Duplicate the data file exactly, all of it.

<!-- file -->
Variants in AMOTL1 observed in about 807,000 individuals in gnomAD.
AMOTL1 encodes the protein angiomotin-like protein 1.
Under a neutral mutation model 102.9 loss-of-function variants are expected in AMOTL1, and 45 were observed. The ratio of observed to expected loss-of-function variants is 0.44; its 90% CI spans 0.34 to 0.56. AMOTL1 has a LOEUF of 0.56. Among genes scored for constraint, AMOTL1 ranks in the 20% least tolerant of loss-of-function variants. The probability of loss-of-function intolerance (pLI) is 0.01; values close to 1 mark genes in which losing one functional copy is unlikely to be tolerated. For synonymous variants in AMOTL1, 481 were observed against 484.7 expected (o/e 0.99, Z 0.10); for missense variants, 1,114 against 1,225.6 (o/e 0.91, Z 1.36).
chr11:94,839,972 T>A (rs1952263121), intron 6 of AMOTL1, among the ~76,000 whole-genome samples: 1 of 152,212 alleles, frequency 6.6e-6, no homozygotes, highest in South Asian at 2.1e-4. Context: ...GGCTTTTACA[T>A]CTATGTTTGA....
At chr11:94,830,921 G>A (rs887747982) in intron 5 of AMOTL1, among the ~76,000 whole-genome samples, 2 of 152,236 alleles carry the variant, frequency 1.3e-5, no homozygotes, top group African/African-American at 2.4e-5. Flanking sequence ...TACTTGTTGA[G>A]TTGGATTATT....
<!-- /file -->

Variants in AMOTL1 observed in about 807,000 individuals in gnomAD.
AMOTL1 encodes the protein angiomotin-like protein 1.
Under a neutral mutation model 102.9 loss-of-function variants are expected in AMOTL1, and 45 were observed. The ratio of observed to expected loss-of-function variants is 0.44; its 90% CI spans 0.34 to 0.56. AMOTL1 has a LOEUF of 0.56. Among genes scored for constraint, AMOTL1 ranks in the 20% least tolerant of loss-of-function variants. The probability of loss-of-function intolerance (pLI) is 0.01; values close to 1 mark genes in which losing one functional copy is unlikely to be tolerated. For synonymous variants in AMOTL1, 481 were observed against 484.7 expected (o/e 0.99, Z 0.10); for missense variants, 1,114 against 1,225.6 (o/e 0.91, Z 1.36).
chr11:94,839,972 T>A (rs1952263121), intron 6 of AMOTL1, among the ~76,000 whole-genome samples: 1 of 152,212 alleles, frequency 6.6e-6, no homozygotes, highest in South Asian at 2.1e-4. Context: ...GGCTTTTACA[T>A]CTATGTTTGA....
At chr11:94,830,921 G>A (rs887747982) in intron 5 of AMOTL1, among the ~76,000 whole-genome samples, 2 of 152,236 alleles carry the variant, frequency 1.3e-5, no homozygotes, top group African/African-American at 2.4e-5. Flanking sequence ...TACTTGTTGA[G>A]TTGGATTATT....